MainStream Media is going wild with hard news stories, soft personality features and “in-depth reporting” to mark the first anniversary of Katrina.

The recurring theme is: “The Gulf Coast – and New Orleans in particular – are not back to the way they were a year ago.”

Excuse me? Is that not just what everyone would hope? The Gulf Coast – and New Orleans in particular – were death traps waiting to happen a year ago. In many ways Katrina and Rita were only a hint of what might have happened if “The Big One” made a direct hit.

In the early 70s when almost no one was yet talking about Global Climate Change, serious scientists and researchers – climatologist, hydrologists, civil engineers and ecologists all told us that the Gulf Coast had a target painted on its back.

The State of Louisiana paid us hundreds of thousands of dollars to develop a long-term strategy to fundamentally change human settlement patterns on the Gulf Coast, around New Orleans and in the upland urban agglomerations such as Monroe and Shreveport.

The governance practitioners put those plans on the shelf and ignored the advice. They proceeded with Business-As-Usual and Politics-As-Usual. See “Down Memory Lane With Katrina,” 5 September 2005 at

Now no one we have observed – not Brookings who is documenting the recovery effort, not the MainStream Media, not the well intended volunteers, not the well fed government contractors, not the everyday carpet baggers, on one – is paying any attention to the shape of future.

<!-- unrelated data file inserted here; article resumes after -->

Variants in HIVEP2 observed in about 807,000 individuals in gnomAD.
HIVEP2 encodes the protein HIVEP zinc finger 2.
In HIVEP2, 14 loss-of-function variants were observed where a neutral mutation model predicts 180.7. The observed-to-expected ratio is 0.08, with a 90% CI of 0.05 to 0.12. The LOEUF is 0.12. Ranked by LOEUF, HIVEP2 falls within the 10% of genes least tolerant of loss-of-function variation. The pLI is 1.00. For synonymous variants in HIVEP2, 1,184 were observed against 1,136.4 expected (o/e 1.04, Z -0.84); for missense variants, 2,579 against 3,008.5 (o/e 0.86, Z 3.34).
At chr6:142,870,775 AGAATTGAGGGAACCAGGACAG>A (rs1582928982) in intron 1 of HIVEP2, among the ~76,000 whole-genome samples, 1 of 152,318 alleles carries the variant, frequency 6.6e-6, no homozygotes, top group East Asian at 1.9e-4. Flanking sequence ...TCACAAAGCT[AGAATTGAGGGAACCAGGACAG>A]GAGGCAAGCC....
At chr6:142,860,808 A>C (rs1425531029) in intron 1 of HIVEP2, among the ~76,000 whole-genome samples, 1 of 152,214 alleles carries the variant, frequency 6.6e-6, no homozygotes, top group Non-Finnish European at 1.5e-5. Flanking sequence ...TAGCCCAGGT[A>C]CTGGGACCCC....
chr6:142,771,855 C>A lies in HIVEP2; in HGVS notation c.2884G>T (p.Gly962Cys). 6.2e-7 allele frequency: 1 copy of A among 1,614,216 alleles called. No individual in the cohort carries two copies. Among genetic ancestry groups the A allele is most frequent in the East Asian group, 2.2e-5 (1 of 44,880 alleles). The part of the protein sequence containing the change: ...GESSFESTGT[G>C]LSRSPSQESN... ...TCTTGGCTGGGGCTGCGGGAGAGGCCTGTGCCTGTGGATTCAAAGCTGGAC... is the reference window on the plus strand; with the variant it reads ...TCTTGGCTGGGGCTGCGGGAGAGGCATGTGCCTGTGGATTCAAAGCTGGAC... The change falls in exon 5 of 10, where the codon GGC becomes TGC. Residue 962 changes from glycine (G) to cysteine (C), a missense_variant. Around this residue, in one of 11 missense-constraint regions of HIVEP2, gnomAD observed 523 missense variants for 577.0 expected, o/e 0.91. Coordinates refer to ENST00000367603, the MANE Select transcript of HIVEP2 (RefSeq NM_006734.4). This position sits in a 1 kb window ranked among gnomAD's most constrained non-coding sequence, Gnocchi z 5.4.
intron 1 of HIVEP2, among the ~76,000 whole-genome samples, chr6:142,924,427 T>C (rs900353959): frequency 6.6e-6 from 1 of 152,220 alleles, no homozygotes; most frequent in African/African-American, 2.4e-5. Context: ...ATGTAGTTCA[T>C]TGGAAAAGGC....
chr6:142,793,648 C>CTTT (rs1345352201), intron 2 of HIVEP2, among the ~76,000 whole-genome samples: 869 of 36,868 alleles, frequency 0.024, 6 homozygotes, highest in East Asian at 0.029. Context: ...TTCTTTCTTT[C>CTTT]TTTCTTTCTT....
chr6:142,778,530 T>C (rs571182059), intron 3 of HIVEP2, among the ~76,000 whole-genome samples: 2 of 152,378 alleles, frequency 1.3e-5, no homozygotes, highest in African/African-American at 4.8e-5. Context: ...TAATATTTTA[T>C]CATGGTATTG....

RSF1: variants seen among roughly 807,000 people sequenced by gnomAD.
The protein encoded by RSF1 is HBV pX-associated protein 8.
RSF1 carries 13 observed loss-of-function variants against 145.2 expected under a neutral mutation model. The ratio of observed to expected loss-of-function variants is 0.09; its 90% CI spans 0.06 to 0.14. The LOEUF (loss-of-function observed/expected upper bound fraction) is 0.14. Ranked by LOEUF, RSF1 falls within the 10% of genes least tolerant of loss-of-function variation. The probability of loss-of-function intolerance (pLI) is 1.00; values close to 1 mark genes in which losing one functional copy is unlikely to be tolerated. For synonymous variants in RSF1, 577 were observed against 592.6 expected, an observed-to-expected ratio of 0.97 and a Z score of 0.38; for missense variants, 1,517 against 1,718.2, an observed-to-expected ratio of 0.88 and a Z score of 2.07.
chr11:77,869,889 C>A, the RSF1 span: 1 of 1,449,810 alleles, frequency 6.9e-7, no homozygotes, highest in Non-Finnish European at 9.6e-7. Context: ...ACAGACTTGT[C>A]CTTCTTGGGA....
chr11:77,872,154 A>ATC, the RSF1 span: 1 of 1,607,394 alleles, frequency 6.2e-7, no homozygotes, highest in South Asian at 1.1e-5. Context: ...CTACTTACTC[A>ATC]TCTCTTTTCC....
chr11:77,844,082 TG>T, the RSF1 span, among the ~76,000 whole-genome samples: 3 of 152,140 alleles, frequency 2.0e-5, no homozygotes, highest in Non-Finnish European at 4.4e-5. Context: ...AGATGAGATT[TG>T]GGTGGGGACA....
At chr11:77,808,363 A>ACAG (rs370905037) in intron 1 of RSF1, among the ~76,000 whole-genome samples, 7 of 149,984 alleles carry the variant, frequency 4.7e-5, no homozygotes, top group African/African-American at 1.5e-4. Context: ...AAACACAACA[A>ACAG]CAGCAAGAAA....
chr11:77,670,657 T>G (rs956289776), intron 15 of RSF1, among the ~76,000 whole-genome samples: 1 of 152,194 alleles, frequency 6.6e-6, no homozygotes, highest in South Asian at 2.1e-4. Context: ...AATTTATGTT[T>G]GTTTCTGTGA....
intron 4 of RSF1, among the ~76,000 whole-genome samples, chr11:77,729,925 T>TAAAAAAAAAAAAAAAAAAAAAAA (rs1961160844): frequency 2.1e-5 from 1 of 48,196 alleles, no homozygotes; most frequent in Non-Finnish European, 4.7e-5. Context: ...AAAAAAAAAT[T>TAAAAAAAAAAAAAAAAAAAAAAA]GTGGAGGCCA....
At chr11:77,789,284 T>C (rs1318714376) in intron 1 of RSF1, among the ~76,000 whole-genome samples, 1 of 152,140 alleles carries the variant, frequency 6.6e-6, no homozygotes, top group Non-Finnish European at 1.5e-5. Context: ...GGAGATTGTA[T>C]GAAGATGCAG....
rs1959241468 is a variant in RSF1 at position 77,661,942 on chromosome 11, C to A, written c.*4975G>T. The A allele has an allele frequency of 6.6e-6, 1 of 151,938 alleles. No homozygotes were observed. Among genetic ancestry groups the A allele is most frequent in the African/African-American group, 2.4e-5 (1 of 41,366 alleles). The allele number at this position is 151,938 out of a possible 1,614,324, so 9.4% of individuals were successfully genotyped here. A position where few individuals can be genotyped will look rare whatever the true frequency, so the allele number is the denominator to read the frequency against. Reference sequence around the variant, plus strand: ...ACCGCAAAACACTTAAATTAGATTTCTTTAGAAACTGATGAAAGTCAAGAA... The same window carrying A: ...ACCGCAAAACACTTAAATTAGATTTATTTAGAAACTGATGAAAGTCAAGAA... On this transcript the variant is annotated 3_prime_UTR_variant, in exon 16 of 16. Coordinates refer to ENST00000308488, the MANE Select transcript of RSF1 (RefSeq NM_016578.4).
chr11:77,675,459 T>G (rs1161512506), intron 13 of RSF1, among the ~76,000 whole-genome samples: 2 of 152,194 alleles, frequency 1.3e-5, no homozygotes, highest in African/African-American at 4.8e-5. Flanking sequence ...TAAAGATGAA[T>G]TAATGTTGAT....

Collectively millions of hours and billions of dollars are being spent on the “recovery” effort, but nothing is being done to implement strategies to Fundamentally Change settlement patterns. It is imperative that human’s ecological footprint shrink at the regional and community scale.

Some houses are being rebuild on raised foundations, there are plans to build higher and better levies. There are no strategic plans for making the New Orleans New Urban Region or the rest of the Gulf Coast more bad weather proof or to create Balanced Communities in the Coastal or the Upland areas of the State.

The Gulf Coast is not back to the way it was? Thank goodness. But it has not moved toward a more sustainable settlement pattern at the regional and community scale either.

Did someone mention Ernesto?


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7 responses to “THE WAY WE WERE”

  1. Toomanytaxes Avatar

    Ed, interesting comments. If you were named Governor of Louisiana tomorrow, what three-to-five steps would either implement or recommend to the state legislature? What would you like to do; why; and what would be the likely costs and savings/benefits?

  2. Jim Bacon Avatar
    Jim Bacon

    It doesn’t appear that anyone else has learned much from Katrina either. Virginia seems to be tightening up its emergency preparedness, but hasn’t given the first thought that I can see to the steady intensification of development along the waterfront.

  3. E M Risse Avatar
    E M Risse


    Great questions!

    If I were Governor, I would answer them and the first step would be to ask my staff to prepare a draft for my review.